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Does context matter in misophonia? A multi-method experimental investigation.

Publication ,  Journal Article
Siepsiak, M; Vrana, SR; Rynkiewicz, A; Rosenthal, MZ; Dragan, WŁ
Published in: Frontiers in neuroscience
January 2022

Misophonia is a recently defined disorder in which certain aversive repetitive sounds and associated stimuli elicit distressing and impairing affective, behavioral, and physiological responses. The responses in misophonia may be stronger when the sound is produced by close friends and family, suggesting that the context in which a triggering cue occurs may have an important role in misophonia. As such, the goal of this study was to test experimentally whether the context of the sound source influences affective and psychophysiological responses to triggering stimuli in misophonia.Sixty one adults with misophonia and 45 controls listened to audio recordings (8 s) of human eating, animals eating, and human mouth smacking sounds (without eating). After a break, the same audio recordings were presented embedded within videos of human eating (congruent stimuli), animals eating (congruent stimuli), and, in the mouth smacking condition, with visually incongruent stimuli (hands playing in mud or in a bowl with a watery dough). Psychophysiological responses-skin conductance response (SCR) and heart rate (HR), and self-reported affective responses (valence, arousal, dominance) were gathered during the experiment in a laboratory.Participants with misophonia assessed all the stimuli as more negative and arousing than the controls, and reported feeling less dominant with respect to the sounds. Animal and mouth smacking sounds were assessed by all the participants as less negative and arousing than human eating sounds, but only in the audio-video conditions. SCR data partially confirmed increased psychophysiological arousal in misophonia participants during an exposure to mouth sounds, but did not reflect the self-report changes in response to different contexts. Misophonia participants had deeper deceleration of HR than controls during human eating sound with congruent video stimuli, while there was no group difference during human mouth smacking with incongruent video stimuli.Results suggest that the context of mouth sounds influences affective experiences in adults with misophonia, but also in participants without misophonia. Presentation of animal eating sounds with congruent visual stimuli, or human mouth smacking sounds with incongruent stimuli, decreased self-report reaction to common misophonic triggers.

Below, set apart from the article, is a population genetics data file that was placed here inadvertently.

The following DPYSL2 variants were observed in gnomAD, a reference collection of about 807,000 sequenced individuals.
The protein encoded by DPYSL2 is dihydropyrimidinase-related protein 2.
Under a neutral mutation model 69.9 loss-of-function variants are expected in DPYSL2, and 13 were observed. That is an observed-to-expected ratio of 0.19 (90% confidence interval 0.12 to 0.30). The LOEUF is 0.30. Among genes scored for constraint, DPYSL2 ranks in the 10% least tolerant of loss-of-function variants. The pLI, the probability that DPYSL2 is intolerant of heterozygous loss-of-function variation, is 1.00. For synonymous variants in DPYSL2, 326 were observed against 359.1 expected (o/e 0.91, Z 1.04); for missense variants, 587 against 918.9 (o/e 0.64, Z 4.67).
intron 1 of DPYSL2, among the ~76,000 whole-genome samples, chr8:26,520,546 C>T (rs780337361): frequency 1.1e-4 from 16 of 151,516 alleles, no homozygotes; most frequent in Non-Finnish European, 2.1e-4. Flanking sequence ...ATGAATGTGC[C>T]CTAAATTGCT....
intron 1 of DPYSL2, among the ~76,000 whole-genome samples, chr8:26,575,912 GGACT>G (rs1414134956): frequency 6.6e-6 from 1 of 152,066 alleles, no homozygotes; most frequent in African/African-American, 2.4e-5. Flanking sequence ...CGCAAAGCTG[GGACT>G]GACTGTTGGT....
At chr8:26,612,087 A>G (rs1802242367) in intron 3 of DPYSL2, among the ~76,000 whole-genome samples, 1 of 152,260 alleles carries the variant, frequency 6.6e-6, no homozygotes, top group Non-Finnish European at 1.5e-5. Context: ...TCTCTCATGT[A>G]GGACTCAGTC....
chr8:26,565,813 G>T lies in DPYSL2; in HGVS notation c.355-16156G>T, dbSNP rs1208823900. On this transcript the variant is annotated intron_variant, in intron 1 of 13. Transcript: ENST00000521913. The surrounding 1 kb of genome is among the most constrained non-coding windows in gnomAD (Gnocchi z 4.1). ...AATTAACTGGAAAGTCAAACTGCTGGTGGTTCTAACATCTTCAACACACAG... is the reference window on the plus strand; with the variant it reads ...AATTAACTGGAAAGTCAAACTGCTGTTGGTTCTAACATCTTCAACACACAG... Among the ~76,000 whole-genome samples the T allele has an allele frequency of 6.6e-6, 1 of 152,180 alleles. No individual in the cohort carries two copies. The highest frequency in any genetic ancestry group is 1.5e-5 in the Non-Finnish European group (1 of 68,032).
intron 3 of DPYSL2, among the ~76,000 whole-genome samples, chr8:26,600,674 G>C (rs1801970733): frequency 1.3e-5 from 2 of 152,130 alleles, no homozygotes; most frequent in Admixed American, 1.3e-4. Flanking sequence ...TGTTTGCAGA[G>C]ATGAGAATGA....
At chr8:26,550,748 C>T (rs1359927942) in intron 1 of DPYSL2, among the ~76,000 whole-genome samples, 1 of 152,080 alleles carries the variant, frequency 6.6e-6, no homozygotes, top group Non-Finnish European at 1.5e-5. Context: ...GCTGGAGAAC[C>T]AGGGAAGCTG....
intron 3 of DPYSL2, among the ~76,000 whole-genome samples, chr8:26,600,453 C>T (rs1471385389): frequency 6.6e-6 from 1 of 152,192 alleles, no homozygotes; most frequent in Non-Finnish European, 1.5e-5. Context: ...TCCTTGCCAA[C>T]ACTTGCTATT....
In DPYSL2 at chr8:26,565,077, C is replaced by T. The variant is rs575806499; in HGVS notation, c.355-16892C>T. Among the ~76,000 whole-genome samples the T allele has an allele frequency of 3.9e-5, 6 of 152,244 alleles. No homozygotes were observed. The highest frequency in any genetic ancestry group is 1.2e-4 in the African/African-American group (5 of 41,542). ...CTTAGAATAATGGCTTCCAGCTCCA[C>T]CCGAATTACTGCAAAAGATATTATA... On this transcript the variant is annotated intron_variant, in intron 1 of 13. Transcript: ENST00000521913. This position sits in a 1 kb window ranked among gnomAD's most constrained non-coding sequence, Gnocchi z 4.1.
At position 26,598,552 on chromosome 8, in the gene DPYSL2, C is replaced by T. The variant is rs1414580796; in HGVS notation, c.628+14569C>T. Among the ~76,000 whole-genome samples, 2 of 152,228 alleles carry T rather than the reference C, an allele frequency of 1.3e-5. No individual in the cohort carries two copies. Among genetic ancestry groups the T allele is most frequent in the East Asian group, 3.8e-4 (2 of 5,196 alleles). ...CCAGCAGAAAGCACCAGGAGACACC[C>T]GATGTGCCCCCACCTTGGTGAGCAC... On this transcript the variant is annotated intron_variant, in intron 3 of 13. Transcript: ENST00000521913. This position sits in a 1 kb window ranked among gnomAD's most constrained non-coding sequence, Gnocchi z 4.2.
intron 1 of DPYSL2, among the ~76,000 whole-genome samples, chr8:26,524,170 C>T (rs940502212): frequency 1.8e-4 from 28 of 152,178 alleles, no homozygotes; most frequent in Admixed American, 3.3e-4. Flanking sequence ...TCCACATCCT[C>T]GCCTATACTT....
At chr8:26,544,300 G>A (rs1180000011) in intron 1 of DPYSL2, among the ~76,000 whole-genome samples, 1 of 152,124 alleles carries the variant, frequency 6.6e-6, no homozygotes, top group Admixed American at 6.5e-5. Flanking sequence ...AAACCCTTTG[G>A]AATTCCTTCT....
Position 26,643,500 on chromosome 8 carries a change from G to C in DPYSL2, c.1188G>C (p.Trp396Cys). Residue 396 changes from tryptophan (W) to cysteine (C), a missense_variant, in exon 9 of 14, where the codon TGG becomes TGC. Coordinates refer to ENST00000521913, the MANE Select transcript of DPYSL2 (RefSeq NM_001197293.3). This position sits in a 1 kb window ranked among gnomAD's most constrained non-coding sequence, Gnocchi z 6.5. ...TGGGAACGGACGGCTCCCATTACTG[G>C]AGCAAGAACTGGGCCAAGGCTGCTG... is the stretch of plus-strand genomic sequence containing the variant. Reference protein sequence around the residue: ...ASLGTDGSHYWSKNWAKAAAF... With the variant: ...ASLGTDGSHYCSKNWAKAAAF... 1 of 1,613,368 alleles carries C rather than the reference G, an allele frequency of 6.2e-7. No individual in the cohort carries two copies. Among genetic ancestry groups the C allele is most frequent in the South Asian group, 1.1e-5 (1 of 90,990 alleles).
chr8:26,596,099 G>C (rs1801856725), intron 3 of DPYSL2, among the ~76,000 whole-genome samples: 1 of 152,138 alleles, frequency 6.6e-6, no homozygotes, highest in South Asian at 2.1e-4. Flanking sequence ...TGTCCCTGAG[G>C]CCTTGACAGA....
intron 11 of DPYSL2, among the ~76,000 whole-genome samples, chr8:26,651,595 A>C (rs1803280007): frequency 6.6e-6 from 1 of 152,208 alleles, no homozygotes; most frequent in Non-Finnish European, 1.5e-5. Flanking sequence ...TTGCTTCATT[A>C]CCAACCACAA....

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Published In

Frontiers in neuroscience

DOI

EISSN

1662-453X

ISSN

1662-4548

Publication Date

January 2022

Volume

16

Start / End Page

880853

Related Subject Headings

  • 5202 Biological psychology
  • 3209 Neurosciences
  • 1702 Cognitive Sciences
  • 1701 Psychology
  • 1109 Neurosciences
 

Citation

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ICMJE
MLA
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Siepsiak, M., Vrana, S. R., Rynkiewicz, A., Rosenthal, M. Z., & Dragan, W. Ł. (2022). Does context matter in misophonia? A multi-method experimental investigation. Frontiers in Neuroscience, 16, 880853. https://doi.org/10.3389/fnins.2022.880853
Siepsiak, Marta, Scott R. Vrana, Andrzej Rynkiewicz, M Zachary Rosenthal, and Wojciech Łukasz Dragan. “Does context matter in misophonia? A multi-method experimental investigation.Frontiers in Neuroscience 16 (January 2022): 880853. https://doi.org/10.3389/fnins.2022.880853.
Siepsiak M, Vrana SR, Rynkiewicz A, Rosenthal MZ, Dragan WŁ. Does context matter in misophonia? A multi-method experimental investigation. Frontiers in neuroscience. 2022 Jan;16:880853.
Siepsiak, Marta, et al. “Does context matter in misophonia? A multi-method experimental investigation.Frontiers in Neuroscience, vol. 16, Jan. 2022, p. 880853. Epmc, doi:10.3389/fnins.2022.880853.
Siepsiak M, Vrana SR, Rynkiewicz A, Rosenthal MZ, Dragan WŁ. Does context matter in misophonia? A multi-method experimental investigation. Frontiers in neuroscience. 2022 Jan;16:880853.

Published In

Frontiers in neuroscience

DOI

EISSN

1662-453X

ISSN

1662-4548

Publication Date

January 2022

Volume

16

Start / End Page

880853

Related Subject Headings

  • 5202 Biological psychology
  • 3209 Neurosciences
  • 1702 Cognitive Sciences
  • 1701 Psychology
  • 1109 Neurosciences